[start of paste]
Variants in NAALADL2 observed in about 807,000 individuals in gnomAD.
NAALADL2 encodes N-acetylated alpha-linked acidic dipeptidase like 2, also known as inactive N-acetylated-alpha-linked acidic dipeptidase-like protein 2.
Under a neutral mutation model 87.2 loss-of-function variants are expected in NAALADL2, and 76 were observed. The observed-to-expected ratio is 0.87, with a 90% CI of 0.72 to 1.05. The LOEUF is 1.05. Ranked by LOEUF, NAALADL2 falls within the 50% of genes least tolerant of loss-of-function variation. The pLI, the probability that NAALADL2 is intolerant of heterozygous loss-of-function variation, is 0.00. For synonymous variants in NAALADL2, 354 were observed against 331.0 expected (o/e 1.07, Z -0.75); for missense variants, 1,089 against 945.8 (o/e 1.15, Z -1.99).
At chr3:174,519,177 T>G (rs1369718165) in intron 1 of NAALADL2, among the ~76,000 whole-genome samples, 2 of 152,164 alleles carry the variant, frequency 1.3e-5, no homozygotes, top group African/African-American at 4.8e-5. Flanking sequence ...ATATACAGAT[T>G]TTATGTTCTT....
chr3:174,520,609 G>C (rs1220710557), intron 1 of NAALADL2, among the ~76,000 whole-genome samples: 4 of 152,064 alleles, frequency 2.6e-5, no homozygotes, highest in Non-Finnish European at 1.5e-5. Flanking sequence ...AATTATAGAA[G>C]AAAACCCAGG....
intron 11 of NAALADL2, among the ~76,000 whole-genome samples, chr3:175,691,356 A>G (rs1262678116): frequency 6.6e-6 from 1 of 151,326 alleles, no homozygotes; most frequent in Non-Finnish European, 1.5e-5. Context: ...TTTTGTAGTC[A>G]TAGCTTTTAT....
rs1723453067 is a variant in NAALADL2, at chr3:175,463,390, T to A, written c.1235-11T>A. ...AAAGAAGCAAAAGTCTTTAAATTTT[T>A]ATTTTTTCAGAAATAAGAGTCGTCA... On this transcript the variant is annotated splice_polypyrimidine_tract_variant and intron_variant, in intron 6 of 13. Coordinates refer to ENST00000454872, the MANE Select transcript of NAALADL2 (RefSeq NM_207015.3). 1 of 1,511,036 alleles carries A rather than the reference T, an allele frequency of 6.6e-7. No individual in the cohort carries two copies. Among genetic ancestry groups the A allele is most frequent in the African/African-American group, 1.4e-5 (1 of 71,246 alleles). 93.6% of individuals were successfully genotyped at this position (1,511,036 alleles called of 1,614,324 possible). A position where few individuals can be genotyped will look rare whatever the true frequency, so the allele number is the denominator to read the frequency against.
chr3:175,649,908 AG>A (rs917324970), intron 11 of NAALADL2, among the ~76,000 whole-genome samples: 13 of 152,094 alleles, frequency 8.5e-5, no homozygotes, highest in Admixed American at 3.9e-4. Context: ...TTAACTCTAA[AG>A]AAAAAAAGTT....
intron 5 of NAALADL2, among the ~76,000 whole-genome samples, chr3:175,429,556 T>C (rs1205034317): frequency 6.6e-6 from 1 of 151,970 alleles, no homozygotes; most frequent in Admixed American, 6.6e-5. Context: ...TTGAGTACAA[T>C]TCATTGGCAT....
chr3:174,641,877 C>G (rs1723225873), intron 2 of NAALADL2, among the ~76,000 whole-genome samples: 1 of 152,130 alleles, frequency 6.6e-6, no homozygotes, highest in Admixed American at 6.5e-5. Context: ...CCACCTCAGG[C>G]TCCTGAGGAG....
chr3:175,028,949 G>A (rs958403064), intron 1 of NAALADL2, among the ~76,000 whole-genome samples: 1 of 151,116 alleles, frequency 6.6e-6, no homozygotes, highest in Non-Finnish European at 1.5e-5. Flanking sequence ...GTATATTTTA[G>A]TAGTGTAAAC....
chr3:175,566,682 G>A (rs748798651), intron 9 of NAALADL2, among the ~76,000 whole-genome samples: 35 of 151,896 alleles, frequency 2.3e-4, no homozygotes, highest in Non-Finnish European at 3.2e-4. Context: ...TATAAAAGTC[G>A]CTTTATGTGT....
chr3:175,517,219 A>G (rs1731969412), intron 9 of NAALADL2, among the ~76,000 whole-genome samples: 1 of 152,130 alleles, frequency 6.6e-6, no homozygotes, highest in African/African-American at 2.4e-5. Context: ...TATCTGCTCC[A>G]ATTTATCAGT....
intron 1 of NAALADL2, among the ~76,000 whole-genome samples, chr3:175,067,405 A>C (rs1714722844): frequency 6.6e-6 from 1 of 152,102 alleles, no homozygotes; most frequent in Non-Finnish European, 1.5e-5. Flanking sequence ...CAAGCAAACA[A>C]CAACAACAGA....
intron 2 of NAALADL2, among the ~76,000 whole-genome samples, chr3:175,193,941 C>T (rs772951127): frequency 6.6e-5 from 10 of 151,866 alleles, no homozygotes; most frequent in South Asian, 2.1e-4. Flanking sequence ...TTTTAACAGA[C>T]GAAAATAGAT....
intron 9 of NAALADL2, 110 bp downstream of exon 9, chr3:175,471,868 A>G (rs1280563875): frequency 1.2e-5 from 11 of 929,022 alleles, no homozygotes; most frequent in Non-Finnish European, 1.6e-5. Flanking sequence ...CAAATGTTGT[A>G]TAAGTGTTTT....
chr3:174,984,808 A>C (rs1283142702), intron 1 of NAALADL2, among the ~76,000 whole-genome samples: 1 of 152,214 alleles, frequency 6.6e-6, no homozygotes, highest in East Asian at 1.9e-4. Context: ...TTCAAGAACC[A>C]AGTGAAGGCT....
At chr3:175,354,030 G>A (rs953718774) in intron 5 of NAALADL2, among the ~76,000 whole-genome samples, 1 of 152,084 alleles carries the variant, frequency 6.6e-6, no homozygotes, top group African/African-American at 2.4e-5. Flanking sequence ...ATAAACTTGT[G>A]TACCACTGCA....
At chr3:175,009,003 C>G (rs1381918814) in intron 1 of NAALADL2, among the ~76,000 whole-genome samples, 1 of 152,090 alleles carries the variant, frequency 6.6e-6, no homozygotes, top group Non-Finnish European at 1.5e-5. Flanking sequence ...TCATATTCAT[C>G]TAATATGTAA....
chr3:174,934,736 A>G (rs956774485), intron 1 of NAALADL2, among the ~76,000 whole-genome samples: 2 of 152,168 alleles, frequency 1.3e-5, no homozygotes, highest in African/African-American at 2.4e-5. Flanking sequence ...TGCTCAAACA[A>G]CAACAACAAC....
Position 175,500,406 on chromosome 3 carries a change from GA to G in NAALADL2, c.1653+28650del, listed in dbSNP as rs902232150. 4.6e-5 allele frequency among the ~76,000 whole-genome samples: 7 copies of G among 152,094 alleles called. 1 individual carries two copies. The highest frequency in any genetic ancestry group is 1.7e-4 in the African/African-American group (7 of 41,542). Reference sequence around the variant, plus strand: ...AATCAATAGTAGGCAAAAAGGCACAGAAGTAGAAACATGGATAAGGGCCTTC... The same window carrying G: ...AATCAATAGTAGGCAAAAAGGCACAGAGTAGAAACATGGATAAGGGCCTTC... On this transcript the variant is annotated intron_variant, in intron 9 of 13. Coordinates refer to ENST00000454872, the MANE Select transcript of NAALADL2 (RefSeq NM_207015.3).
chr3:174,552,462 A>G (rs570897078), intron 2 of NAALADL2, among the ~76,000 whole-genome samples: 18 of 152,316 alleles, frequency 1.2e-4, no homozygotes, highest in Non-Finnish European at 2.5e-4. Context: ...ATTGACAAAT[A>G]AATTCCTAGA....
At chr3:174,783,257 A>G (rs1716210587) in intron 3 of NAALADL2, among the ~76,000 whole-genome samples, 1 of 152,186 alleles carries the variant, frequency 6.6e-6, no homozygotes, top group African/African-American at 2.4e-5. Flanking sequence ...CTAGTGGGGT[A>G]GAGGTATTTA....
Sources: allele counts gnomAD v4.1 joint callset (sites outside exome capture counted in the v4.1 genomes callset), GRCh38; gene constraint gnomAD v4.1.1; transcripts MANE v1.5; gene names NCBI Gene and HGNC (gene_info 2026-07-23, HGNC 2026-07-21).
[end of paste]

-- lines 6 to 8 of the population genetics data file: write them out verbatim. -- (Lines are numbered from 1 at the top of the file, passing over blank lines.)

intron 11 of NAALADL2, among the ~76,000 whole-genome samples, chr3:175,691,356 A>G (rs1262678116): frequency 6.6e-6 from 1 of 151,326 alleles, no homozygotes; most frequent in Non-Finnish European, 1.5e-5. Context: ...TTTTGTAGTC[A>G]TAGCTTTTAT....
rs1723453067 is a variant in NAALADL2, at chr3:175,463,390, T to A, written c.1235-11T>A. ...AAAGAAGCAAAAGTCTTTAAATTTT[T>A]ATTTTTTCAGAAATAAGAGTCGTCA... On this transcript the variant is annotated splice_polypyrimidine_tract_variant and intron_variant, in intron 6 of 13. Coordinates refer to ENST00000454872, the MANE Select transcript of NAALADL2 (RefSeq NM_207015.3). 1 of 1,511,036 alleles carries A rather than the reference T, an allele frequency of 6.6e-7. No individual in the cohort carries two copies. Among genetic ancestry groups the A allele is most frequent in the African/African-American group, 1.4e-5 (1 of 71,246 alleles). 93.6% of individuals were successfully genotyped at this position (1,511,036 alleles called of 1,614,324 possible). A position where few individuals can be genotyped will look rare whatever the true frequency, so the allele number is the denominator to read the frequency against.
chr3:175,649,908 AG>A (rs917324970), intron 11 of NAALADL2, among the ~76,000 whole-genome samples: 13 of 152,094 alleles, frequency 8.5e-5, no homozygotes, highest in Admixed American at 3.9e-4. Context: ...TTAACTCTAA[AG>A]AAAAAAAGTT....